The law is still stupid but it doesn't sound particularly difficult to comply either.

  • that it didn't think of it first.
  • The real issue here is censorship and control. Russia, like many countries, wants the ability to censor and control the Internet, and like all such countries, finds that they can't pass laws to do that because the Internet isn't always inside their borders. Therefore they want to force all companies accessible over the Internet within Russia to be physically present within Russia proper, so that if they decide they want to censor them, rifle through their stored data, or shut them down completely, they only
    • by HBI ( 604924 )

      It's no different than China's policy, really. Or North Korea's. The difference is that Russia has more economic power than the NKs but less than the Chinese.

      This goodness is spreading around the globe, though, so expecting Russia to be the last place this happens would be foolish.

    • I do however very much question the actions of Vladimir Putin and the Russian government.

      Just to help you make yourself just a tad clearer: why do you "question the actions of Vladimir Putin and the Russian government"? What specific things have they done that make you so suspicious of them?

    • Re: (Score:2, Interesting)

      by Anonymous Coward

      Most ironic post ever.
      The real issue here is censorship and control. The US, like many countries, wants the ability to censor and control the Internet, and like all such countries gets fucked off when another country refuses to allow it to spy on their citizens.

      Remember that Russian media is State-controlled

      Yes, totally unlike the corporate-controlled American media.
      ANYONE who thinks for a second that the US media didn't collude to...
      -stop Ron Paul from having a chance at becoming president
      -stop Burnie Sanders from having a chance at becoming president
      -

      • Gee, all that angry-sounding commenting might have been relevant if I had ever said anything whatsoever about the U.S. government or U.S.-based corporations, but I didn't now did I? By all means, go right ahead and keep embarassing yourself though by attempting to redirect the subject of the conversation away from Russia.
    • I believe it has more to do with Five Eyes [wikipedia.org] spying than with censorship. Intelligence agencies go to great lengths to map relationships between individuals using communication metadata. LinkedIn is a gold mine for this collected and categorized relationship data and the Five Eyes have complete access to it while Russia doesn't.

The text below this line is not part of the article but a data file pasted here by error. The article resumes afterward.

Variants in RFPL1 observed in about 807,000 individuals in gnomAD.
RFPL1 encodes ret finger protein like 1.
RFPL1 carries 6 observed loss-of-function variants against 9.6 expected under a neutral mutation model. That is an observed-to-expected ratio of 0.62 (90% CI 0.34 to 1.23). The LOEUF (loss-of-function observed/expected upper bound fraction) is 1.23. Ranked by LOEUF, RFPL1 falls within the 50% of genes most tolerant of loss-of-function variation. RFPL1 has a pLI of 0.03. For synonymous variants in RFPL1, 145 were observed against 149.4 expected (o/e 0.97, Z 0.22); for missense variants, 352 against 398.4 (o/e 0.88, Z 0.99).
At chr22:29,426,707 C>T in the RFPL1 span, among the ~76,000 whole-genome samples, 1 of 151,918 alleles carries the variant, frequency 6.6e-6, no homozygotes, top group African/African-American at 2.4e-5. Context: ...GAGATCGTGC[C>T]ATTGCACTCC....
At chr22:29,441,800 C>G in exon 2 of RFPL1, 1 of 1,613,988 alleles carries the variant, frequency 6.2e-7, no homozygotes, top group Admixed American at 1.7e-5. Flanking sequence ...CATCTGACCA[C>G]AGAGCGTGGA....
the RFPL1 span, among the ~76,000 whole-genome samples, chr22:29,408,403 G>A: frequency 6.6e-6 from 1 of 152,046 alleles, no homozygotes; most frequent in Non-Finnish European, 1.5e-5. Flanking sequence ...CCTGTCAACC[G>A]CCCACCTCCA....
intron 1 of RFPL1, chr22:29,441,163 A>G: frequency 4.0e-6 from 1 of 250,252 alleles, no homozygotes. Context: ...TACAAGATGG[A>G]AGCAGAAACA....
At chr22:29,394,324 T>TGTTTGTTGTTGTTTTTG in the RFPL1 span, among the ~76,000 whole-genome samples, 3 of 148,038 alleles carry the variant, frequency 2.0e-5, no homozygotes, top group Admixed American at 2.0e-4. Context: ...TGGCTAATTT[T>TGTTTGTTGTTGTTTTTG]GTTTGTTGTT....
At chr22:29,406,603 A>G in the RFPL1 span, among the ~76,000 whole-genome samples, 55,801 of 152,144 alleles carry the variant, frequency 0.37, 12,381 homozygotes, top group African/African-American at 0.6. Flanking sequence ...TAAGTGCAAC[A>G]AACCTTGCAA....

• ... UK laws requiring data and operations to be physically located there?
    • by Anonymous Coward

      ... UK laws requiring data and operations to be physically located there?

      When the NSA calls up MI6 and asks for data from UK servers they get what they want. Somehow I don't think they get the same response when they ask FSB for data from Russia servers.

      And that's the difference.

      • My point is, surveillance and politics are already a reality that many US companies are dealing with the in UK. I understand companies not wanting to put an office in every country that enacts this kind of law, but if this is a corporate problem, why is the US government reaching out to Russia?
  • We should block LinkedIn here in the US too.

  • Honestly, having LinkedIn blocked is the least of the worries that US should have about Russia.

    They installed a sympathetic president. I would say they have good enough professional network.

  • Because USA (Score:3, Insightful)

    by Anonymous Coward on Friday November 18, 2016 @05:43PM (#53318165)

    ... to block public access to networking site LinkedIn ...

    Don't complain when Russia blocks sex-ed and homosexual web-sites, the USA's been there. Nor when foreign cooked foodstuffs are banned, the USA (and other countries) have been there.

    Russia has also banned yoga for being a religion, street-side bible-bashing and George Soros in the name of national security, US bureaucrats, Microsoft software and foreign GMO foodstuffs (a mostly US export).

    Despite the obvious anti-US sentiment, the US government complains only when the daily correspondence of Russian residents can't be copied to US servers. That nicely reveals US priorities.

  • by manu0601 ( 2221348 ) on Friday November 18, 2016 @10:29PM (#53319879)
    Why is the US so concerned about LinkedIn being banned from Russia? Many US services are based from China, which is a much larger market than Russia, so why do they bother here?
  • It's a filter to filter out the people you don't want to have as employees. For example it constantly bugs you to give them your e-mail accounts so it can get your contacts!

Given its constituency, the only thing I expect to be "open" about [the Open Software Foundation] is its mouth. -- John Gilmore